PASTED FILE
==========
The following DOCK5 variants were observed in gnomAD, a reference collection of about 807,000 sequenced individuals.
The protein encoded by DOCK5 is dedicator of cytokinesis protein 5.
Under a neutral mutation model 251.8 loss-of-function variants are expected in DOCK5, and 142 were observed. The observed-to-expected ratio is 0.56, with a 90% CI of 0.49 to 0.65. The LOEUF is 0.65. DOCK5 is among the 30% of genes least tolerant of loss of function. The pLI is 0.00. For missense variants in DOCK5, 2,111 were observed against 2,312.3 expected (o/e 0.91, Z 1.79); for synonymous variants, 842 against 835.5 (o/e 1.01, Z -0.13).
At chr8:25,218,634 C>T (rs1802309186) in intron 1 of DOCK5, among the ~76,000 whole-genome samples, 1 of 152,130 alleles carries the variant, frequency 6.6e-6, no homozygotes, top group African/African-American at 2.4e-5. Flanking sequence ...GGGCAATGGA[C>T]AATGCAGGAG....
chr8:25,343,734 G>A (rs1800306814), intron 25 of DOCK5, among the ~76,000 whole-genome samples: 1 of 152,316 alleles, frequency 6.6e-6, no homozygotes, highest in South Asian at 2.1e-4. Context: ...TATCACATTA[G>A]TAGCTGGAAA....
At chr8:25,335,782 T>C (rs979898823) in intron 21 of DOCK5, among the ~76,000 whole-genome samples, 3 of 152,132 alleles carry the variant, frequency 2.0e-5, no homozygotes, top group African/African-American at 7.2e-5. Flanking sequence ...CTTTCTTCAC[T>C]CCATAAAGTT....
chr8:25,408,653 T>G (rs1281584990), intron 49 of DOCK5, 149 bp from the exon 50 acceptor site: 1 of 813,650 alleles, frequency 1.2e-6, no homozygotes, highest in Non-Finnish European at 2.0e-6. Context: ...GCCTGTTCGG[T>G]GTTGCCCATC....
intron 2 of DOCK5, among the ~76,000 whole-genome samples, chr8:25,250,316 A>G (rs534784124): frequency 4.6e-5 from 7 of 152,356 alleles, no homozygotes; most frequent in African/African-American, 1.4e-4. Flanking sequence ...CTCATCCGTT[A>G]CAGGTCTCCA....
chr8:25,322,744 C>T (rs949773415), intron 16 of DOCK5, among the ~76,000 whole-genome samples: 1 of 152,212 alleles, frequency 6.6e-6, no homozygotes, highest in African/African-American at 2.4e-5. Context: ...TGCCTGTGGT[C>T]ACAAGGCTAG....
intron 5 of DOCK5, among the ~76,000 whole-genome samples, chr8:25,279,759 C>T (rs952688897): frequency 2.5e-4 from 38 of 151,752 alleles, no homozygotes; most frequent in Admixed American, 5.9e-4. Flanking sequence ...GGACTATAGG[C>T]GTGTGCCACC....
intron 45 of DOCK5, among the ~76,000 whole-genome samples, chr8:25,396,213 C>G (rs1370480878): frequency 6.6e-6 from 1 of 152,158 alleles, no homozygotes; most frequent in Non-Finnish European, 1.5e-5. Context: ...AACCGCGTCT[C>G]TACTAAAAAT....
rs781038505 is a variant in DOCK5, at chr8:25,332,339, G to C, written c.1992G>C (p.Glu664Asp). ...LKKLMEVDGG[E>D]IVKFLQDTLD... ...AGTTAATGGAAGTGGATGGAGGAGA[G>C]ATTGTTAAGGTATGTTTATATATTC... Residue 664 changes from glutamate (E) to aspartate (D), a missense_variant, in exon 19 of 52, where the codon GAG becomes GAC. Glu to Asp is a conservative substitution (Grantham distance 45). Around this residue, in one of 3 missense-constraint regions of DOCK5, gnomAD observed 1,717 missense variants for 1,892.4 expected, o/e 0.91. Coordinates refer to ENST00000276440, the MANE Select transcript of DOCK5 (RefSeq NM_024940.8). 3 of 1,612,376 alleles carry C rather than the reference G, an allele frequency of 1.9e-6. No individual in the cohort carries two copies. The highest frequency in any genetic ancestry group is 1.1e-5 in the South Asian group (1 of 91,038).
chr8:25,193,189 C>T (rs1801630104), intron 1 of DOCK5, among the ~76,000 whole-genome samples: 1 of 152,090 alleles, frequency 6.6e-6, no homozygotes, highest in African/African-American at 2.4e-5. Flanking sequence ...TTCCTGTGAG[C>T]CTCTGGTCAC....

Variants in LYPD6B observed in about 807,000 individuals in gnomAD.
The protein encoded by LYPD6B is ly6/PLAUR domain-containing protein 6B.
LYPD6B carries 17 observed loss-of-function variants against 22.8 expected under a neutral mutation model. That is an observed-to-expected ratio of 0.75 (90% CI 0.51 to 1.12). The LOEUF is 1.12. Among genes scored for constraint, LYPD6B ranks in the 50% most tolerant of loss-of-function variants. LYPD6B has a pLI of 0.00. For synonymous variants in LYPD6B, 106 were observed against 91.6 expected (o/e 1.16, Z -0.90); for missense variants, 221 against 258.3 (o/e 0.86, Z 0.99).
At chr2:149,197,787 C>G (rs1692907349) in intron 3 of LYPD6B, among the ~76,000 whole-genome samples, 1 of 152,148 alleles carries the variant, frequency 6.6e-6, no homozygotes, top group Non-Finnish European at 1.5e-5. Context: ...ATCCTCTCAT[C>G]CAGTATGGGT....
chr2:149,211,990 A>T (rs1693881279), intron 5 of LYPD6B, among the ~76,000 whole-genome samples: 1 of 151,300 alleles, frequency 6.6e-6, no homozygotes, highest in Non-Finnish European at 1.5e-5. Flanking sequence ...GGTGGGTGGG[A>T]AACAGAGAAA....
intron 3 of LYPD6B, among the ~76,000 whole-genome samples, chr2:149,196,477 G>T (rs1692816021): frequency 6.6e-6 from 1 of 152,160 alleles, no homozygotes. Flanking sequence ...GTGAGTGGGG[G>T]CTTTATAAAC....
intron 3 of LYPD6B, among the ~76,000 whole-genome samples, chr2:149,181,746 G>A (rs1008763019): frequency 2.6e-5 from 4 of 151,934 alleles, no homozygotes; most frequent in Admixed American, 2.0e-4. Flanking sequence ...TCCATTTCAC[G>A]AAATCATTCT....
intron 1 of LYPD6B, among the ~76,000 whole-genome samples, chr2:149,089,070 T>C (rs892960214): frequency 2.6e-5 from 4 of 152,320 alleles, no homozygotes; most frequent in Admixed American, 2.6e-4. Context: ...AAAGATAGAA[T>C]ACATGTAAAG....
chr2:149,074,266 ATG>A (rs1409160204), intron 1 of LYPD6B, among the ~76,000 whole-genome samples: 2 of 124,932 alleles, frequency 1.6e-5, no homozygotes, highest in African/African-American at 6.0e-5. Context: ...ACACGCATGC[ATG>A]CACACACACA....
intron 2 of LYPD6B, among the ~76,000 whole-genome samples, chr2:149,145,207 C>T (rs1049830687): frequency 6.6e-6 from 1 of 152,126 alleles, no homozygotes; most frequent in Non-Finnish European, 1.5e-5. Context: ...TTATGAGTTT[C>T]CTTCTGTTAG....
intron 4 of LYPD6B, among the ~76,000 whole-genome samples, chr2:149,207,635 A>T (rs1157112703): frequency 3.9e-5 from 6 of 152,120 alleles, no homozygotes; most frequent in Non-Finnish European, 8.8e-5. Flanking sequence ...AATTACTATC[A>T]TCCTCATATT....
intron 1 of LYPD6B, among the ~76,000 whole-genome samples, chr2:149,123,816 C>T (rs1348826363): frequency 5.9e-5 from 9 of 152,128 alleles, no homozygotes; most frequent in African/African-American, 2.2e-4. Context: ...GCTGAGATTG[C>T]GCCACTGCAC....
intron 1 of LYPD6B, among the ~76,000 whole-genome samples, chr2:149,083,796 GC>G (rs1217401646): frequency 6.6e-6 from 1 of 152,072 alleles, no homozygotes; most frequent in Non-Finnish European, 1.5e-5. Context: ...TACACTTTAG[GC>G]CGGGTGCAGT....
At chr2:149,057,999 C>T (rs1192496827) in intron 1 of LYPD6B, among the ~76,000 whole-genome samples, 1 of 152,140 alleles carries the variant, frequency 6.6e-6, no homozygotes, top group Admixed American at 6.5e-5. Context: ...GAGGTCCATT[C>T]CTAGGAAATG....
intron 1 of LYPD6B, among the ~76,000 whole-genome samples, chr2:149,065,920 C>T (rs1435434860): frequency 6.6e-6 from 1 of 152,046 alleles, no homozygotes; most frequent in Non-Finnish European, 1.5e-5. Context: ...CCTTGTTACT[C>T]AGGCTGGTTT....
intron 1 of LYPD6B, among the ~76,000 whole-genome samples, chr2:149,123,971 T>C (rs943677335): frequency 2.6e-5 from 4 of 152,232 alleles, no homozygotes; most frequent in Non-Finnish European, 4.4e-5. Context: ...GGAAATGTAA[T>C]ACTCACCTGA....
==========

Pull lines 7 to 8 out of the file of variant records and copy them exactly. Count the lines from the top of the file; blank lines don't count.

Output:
chr8:25,408,653 T>G (rs1281584990), intron 49 of DOCK5, 149 bp from the exon 50 acceptor site: 1 of 813,650 alleles, frequency 1.2e-6, no homozygotes, highest in Non-Finnish European at 2.0e-6. Context: ...GCCTGTTCGG[T>G]GTTGCCCATC....
intron 2 of DOCK5, among the ~76,000 whole-genome samples, chr8:25,250,316 A>G (rs534784124): frequency 4.6e-5 from 7 of 152,356 alleles, no homozygotes; most frequent in African/African-American, 1.4e-4. Flanking sequence ...CTCATCCGTT[A>G]CAGGTCTCCA....